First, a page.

Monday, June 15, 2009

Examining Ehteshaam Gulam's Deceptive Use of Josephus

Here Gulam attempts to use Jesus' non-existence arguments against the historicity of the crucifixion. By dismissing the non-Christian evidence as such (in line with the extremely unsound hypothesis of G.A. Wells he cites in Who Was Jesus?) he is dehistoricizing Jesus. This approach is rather unsound.

The manner by which he approaches this is a clear demonstration of his inadequacy in historical investigation and complete ignorance of historical scholarship. For Josephus' accounts he states:

Josephus Flavius, the Jewish historian, lived as the earliest non-Christian who mentions a Jesus. Although many scholars think that Josephus' short accounts of Jesus (in Antiquities) came from interpolations perpetrated by a later Church father (most likely, Eusebius), Josephus' birth in 37 C.E., well after the alleged crucifixion of Jesus, puts him out of range of an eyewitness account. Moreover, he wrote Antiquities in 93 C.E., after the first gospels got written! Therefore, even if his accounts about Jesus came from his hand, his information could only serve as hearsay.

As is evident in his first sentence he is tainted greatly by the fringe Christ Myth theorists. He states Flavius was the earliest non-Christian to mention "a Jesus". Josephus mentions other Jesus' who we know are not the historical Jesus we have in mind. For example, there is Jesus the son of Sapphias (Wars 20.4.566) and Jesus the brother of John (Antiquities 7.1.298). Any reading of the primary source material (Josephus' various texts) or secondary text will make this fact abundantly clear.

The second point made is that, "many scholars" believe that Josephus' mentions of Jesus of Nazareth came from later interpolations. This is simply incorrect. Most scholars do not think this.

The shorter mention of Jesus:

... so he assembled the sanhedrin of judges, and brought before them the brother of Jesus, who was called Christ, whose name was James, and some others,[1]

In line with the New Testament accounts we have James the brother of Jesus. This mention is not doubted by any major scholar as anything other than authentic. Also to note, this text is recounting a history that we do not find in the New Testament. Therefore, we have reliable extra-biblical witness to the events of Jesus and his early ministry.

This text in light of Gulam's snide 'a Jesus' remark makes it clear that this Jesus (of others mentioned in Josephus) is the Jesus we are after. The brother of James and the one who was called the Messiah (Christ).

Regarding the authenticity:

"Josephus (Ant. 20.200) describes how the high priest Ananus took advantage of the death of the Roman governor Festus in A.D. 62 to organize a mob to stone James, whom he identifies as "the brother of Jesus who was called the Christ." Few scholars have questioned the genuineness of this passage."
Professor Edwin M. Yamauchi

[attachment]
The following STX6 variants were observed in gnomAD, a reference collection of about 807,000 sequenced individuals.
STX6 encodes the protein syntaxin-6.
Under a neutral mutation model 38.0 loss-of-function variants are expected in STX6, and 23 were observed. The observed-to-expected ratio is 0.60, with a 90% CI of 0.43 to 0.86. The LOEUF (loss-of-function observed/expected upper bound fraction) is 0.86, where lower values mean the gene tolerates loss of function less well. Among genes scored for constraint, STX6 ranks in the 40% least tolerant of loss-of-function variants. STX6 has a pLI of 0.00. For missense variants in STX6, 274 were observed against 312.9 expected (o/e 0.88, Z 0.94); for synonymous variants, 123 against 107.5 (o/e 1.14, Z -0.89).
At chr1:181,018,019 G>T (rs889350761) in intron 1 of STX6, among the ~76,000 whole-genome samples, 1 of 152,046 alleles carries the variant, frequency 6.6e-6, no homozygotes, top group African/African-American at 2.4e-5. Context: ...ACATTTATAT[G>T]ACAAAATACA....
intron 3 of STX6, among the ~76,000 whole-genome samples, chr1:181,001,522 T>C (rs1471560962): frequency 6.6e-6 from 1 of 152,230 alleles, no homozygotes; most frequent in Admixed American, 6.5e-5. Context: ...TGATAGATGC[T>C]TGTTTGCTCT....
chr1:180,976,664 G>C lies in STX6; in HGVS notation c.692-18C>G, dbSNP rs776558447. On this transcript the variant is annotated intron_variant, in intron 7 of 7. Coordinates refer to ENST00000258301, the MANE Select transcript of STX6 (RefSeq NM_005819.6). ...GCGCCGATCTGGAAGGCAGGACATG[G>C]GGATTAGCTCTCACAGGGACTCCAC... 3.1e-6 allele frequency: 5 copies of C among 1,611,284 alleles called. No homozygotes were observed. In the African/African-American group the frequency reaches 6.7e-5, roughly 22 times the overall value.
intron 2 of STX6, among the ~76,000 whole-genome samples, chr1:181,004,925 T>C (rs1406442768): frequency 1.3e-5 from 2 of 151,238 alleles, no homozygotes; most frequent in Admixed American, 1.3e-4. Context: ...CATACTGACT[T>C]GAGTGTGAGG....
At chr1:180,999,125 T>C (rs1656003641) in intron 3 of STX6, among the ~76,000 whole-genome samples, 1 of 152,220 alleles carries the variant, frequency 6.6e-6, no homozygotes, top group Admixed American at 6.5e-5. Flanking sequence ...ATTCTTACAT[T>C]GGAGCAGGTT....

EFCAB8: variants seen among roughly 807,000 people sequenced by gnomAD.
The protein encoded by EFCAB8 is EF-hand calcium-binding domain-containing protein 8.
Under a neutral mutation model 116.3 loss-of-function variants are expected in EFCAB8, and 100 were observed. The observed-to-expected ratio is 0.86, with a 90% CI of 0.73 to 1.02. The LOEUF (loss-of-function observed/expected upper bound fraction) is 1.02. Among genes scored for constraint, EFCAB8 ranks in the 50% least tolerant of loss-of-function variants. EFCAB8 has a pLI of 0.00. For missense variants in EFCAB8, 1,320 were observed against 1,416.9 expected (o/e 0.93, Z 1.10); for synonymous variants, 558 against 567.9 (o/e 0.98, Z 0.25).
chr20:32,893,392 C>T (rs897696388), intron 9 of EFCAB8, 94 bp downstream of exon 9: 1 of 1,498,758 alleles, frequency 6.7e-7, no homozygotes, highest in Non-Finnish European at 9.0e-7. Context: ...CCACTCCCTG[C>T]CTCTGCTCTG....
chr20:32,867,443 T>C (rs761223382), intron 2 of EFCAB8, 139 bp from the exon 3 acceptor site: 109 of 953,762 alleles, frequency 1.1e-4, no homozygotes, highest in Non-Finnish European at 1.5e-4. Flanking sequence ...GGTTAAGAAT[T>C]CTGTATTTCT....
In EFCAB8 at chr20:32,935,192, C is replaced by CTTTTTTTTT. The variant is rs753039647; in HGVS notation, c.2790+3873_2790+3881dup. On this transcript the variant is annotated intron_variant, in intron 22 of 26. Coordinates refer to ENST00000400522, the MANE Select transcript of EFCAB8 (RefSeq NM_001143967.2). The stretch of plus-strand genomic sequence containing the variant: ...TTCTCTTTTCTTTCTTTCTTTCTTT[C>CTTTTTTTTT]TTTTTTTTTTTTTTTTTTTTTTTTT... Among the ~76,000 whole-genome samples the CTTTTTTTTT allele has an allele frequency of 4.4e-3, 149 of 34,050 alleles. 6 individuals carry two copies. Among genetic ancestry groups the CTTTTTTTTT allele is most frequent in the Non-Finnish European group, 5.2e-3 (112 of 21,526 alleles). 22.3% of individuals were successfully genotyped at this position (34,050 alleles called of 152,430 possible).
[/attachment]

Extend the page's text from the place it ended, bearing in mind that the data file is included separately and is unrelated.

The next mention of Jesus is where we have some problems. This is a longer text that shows some Christian embelishment. However, the fact that Josephus mentioned Jesus here is not a question of doubt.

At this time there appeared Jesus, a wise man. For he was a doer of startling deeds, a teacher of people who received the truth with pleasure. And he gained a following both among many Jews and among many of Greek [meaning “Gentile,” that is, non-Jewish] origin. And when Pilate, because of an accusation made by the leading men among us, condemned him to the cross, those who had loved him previously did not cease to do so. And up until this very day, the tribe of Chris tians (named after him) has not died out.

What do scholars have to say on the authenticity?

"In the part of this embellished text that VIRTUALLY ALL REGARD AS AUTHENTIC Josephus describes Jesus as a teacher and wonderworker who was accused by the leading men (i.e., ruling priests) before the Roman governor."
Bruce Chilton, Craig A. Evans, Jacob Neusner, 'The Missing Jesus' p.21

So, from Josephus we can take away 10 facts that most scholars agree upon:
(1) Jesus was known as a wise and virtuous man, one recognized for his good conduct. (2) He had many disciples, both Jews and Gentiles. (3) Pilate condemned him to die, (4) with crucifixion explicitly being mentioned as the mode. (5) The disciples reported that Jesus had risen from the dead and (6) that he had appeared to them on the third day after his crucifixion. (7) Consequently, the disciples continued to proclaim his teachings. (8) Perhaps Jesus was the Messiah concerning whom the Old Testament prophets spoke and predicted wonders. We would add here two facts from Josephus’ earlier quotation as well. (9) Jesus was the brother of James and (10) was called the messiah by some.[2]

Gulam goes on to say that the source was probably Chrisitans anyway - however, this need not be so. A probable scenario as suggested by Marcus Borg is that "he learned about Jesus from non-Christian Jews, probably before moving to Rome in the 60s. Perhaps this is how non-Christian Jews commonly spoke about Jesus." (Marcus Borg, Jesus p.31)

As is evident, the scholars present a very different picture to that Gulam would insist everyone think

1. Josephus, Flavius ; Whiston, William: The Works of Josephus : Complete and Unabridged. Peabody : Hendrickson, 1996, c1987, S. Ant 20.200
2. Habermas, Gary R. ; Habermas, Gary R.: The Historical Jesus : Ancient Evidence for the Life of Christ. Joplin, Mo. : College Press Pub. Co., 1996, S. 195

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